This article is a guest post by talented autistic author Tom Brooks. His memoir is linked to at the end of this post.
Myth is defined in the dictionary as a traditional story, especially one concerning the early history of a people or explaining some natural or social phenomenon. In Ancient Greece if a flash of lightning was seen it wasn’t uncommon to hear, “Zeus is angry about something” or even, “Zeus is preparing a good storm.” Whereas in Ancient Scandinavia they’d say, “Oh boy someone pissed off Thor.”
To the ancients no matter where they called home they always found a way to come up with a name to describe the elements and changes around them to best tell the story of what was happening. But with one modern word of the modern era there is no true origins of how to best explain it and that is autism.
There have been many myths about Autism especially its causes as well how autistic individuals absorb the world around them and how they behave due to their autism. As a man who was born in the mid-1980’s there were some breakthroughs in this vast spectrum in which people were still learning from it each day.
Along the way of discovery all notes that could be observed were quickly written down and accepted as scientific fact and shared with the world. My own diagnosis of autism did not come forth until I was in preschool at the age of five or so as I have been told.
The classic line from the movie Forrest Gump speaks, “What’s normal anyways?” The word normal according to the dictionary is defined as conforming to a standard. I ask a standard of what? Each day I meditate I find there is always a new way to look at that word of Normal.
But since autism is such a vast diagnosis of many different behaviors, traits and ways that people observe based on the diagnosis they are given I have found that there is truly no strong enough definition of the word Normal to go alongside autism because everyone is unique autism or no autism.
Over the years I have observed many myths of autism and how the general world we live in has taken in the information presented as so-called scientific fact and what many believe to be true myths of autism to be taken into consideration. With each day I just shake my head in disappointment that so many continue to accept the old myths and not give autism a second thought. I have included some examples in this article.
Falling in Love:
It is widely believed that an autistic individual is incapable of feeling emotions of love as well empathy. Those on the spectrum do face the challenge of maintaining eye contact as well understanding social cues, even a non-autistic person can have trouble with them and so does that mean they have a little percentage of autism in them?
I myself have had a few girlfriends in my life, three were non-autistic and one was autistic. What did each relationship teach me? Each one taught me valuable lessons in understanding how the world sees autism. The autistic ex taught me how women with autism differ from men on the spectrum and to be in three relationships with women who were not on the spectrum it taught me that it takes an open-mind to truly look past the autism and see the person for who they truly are.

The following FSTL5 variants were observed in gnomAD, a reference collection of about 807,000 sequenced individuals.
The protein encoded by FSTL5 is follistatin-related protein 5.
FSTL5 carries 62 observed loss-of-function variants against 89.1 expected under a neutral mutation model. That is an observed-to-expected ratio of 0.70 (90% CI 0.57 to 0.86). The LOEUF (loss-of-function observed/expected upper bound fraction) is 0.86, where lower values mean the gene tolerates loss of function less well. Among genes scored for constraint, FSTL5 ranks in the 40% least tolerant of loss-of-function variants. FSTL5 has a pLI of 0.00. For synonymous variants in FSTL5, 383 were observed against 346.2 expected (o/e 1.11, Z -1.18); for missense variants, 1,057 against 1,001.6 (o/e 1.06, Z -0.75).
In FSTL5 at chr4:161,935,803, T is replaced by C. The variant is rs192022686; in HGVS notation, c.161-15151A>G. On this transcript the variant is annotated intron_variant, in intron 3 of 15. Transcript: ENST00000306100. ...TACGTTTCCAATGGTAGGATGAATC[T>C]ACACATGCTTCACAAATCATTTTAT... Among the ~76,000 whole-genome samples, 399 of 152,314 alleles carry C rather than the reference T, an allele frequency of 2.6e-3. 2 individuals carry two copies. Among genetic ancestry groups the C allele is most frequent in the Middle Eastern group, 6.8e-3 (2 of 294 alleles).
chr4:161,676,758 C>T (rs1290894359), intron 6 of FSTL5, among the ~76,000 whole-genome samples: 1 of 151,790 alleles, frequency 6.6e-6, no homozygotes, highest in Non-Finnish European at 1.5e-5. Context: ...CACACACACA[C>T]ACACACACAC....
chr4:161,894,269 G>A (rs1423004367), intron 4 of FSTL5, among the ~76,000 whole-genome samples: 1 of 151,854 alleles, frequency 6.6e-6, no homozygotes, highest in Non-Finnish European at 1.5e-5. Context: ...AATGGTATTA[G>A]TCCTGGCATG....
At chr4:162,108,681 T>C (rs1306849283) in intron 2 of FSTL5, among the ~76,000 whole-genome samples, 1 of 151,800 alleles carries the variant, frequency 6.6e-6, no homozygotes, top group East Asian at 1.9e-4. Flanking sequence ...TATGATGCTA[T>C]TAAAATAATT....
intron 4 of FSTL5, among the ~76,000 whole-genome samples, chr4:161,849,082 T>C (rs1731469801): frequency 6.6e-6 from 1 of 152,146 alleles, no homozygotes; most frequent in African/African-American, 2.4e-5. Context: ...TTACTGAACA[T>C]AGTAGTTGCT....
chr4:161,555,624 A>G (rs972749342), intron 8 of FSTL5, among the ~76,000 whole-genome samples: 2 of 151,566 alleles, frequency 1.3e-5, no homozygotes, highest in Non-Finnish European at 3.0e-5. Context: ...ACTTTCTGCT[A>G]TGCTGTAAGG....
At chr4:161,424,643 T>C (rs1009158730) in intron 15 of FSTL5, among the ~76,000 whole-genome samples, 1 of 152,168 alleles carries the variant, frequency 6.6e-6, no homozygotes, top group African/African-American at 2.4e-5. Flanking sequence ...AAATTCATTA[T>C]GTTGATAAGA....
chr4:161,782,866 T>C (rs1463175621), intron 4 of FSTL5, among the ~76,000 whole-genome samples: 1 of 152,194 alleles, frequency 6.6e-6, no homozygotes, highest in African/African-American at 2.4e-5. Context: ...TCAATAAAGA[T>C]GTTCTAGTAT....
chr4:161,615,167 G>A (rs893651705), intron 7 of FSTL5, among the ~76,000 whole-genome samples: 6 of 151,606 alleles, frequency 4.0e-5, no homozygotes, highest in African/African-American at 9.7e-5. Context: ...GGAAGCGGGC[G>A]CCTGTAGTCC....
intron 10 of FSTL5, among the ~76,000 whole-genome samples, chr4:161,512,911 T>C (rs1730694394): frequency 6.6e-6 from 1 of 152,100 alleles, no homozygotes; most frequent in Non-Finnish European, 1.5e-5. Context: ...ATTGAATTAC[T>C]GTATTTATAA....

Before my exs I never was lucky with dating because at the time like any shy and awkward teenager I did face my hardships of maintaining eye contact a good amount of the time as well reading social cues. But my greatest challenge was finding the right girl to ask out but so many I knew were either interested in guys with cars, guys who they deemed cool enough to date them or guys older than themselves. Many times in school I was friendzoned and it still hurt all the same that none I went to school with were interested in a guy like me with one girl trying nowadays to tell me that my timing was just off, timing or not that is in my eyes not legit a good reason as I believe if you feel you like someone you take that chance to make that first move instead of wait.
Now in my thirties and as said having had girlfriends and dated all I know is it is going to take someone really special to look past the autism and see they got themselves a great guy. But what about all other autistic people? That I truly only can say is just be who you are but do not be shy at all with asking anyone out but just remember to take your time to get to know someone.
There is an old saying, “An elephant never forgets.” This old saying refers to being able to store an infinite amount of knowledge and never forgetting it. This has been said of me when I watch Jeopardy with either friends or family as well when we partake in trivia nights. However not everyone who has a photographic memory is autistic because we all at one point or another can recall even the most amazing information but some credit autistic people for remembering even the extra bit of details.
I have known many with photographic memories and each day they always amaze me with their knowledge they can pull from the great library that is the human brain. So question is everyone on earth autistic for being able to recall details this good? The answer is no because everyone can be as skilled as they want to be in terms of knowledge retaining it.
Either way to go over nearly every myth I have heard there is just not enough time to go over every single one. I will leave the reader of this to wonder one thing and that is this: Regardless of how the world sees you personally, how do you feel you will help to discourage the myths of old as standing fact and teach the world your knowledge of what you have gained once you get to spend some time with someone on the autism spectrum and have seen for yourself that the myths of old do not stand as myths anymore and instead you have opened your eyes to a larger world of understanding after being in the presence and observing autism.
The book cover for Tom Brooks was designed by Lisa Shea and was supplied by Tom Brooks.